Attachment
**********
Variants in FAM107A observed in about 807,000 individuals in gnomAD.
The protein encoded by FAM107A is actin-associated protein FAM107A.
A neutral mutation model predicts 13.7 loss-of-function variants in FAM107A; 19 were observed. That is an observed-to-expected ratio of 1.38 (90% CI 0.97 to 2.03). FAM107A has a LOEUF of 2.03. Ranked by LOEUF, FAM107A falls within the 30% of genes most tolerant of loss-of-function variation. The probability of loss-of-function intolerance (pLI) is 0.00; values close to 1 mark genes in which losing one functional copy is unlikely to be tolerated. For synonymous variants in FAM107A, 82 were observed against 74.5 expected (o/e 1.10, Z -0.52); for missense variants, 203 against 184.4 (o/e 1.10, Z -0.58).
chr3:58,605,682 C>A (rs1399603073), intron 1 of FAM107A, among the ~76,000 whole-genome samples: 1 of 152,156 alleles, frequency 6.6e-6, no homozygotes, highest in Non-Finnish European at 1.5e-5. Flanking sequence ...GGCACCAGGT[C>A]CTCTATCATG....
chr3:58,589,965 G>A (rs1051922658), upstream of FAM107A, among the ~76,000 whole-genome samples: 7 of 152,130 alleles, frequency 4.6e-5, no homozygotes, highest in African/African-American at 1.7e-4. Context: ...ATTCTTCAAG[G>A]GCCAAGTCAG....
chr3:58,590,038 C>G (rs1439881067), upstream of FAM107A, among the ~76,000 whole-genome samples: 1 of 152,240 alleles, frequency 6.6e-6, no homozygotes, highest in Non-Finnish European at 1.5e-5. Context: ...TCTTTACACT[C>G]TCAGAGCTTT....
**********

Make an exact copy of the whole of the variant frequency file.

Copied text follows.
Variants in FAM107A observed in about 807,000 individuals in gnomAD.
The protein encoded by FAM107A is actin-associated protein FAM107A.
A neutral mutation model predicts 13.7 loss-of-function variants in FAM107A; 19 were observed. That is an observed-to-expected ratio of 1.38 (90% CI 0.97 to 2.03). FAM107A has a LOEUF of 2.03. Ranked by LOEUF, FAM107A falls within the 30% of genes most tolerant of loss-of-function variation. The probability of loss-of-function intolerance (pLI) is 0.00; values close to 1 mark genes in which losing one functional copy is unlikely to be tolerated. For synonymous variants in FAM107A, 82 were observed against 74.5 expected (o/e 1.10, Z -0.52); for missense variants, 203 against 184.4 (o/e 1.10, Z -0.58).
chr3:58,605,682 C>A (rs1399603073), intron 1 of FAM107A, among the ~76,000 whole-genome samples: 1 of 152,156 alleles, frequency 6.6e-6, no homozygotes, highest in Non-Finnish European at 1.5e-5. Flanking sequence ...GGCACCAGGT[C>A]CTCTATCATG....
chr3:58,589,965 G>A (rs1051922658), upstream of FAM107A, among the ~76,000 whole-genome samples: 7 of 152,130 alleles, frequency 4.6e-5, no homozygotes, highest in African/African-American at 1.7e-4. Context: ...ATTCTTCAAG[G>A]GCCAAGTCAG....
chr3:58,590,038 C>G (rs1439881067), upstream of FAM107A, among the ~76,000 whole-genome samples: 1 of 152,240 alleles, frequency 6.6e-6, no homozygotes, highest in Non-Finnish European at 1.5e-5. Context: ...TCTTTACACT[C>G]TCAGAGCTTT....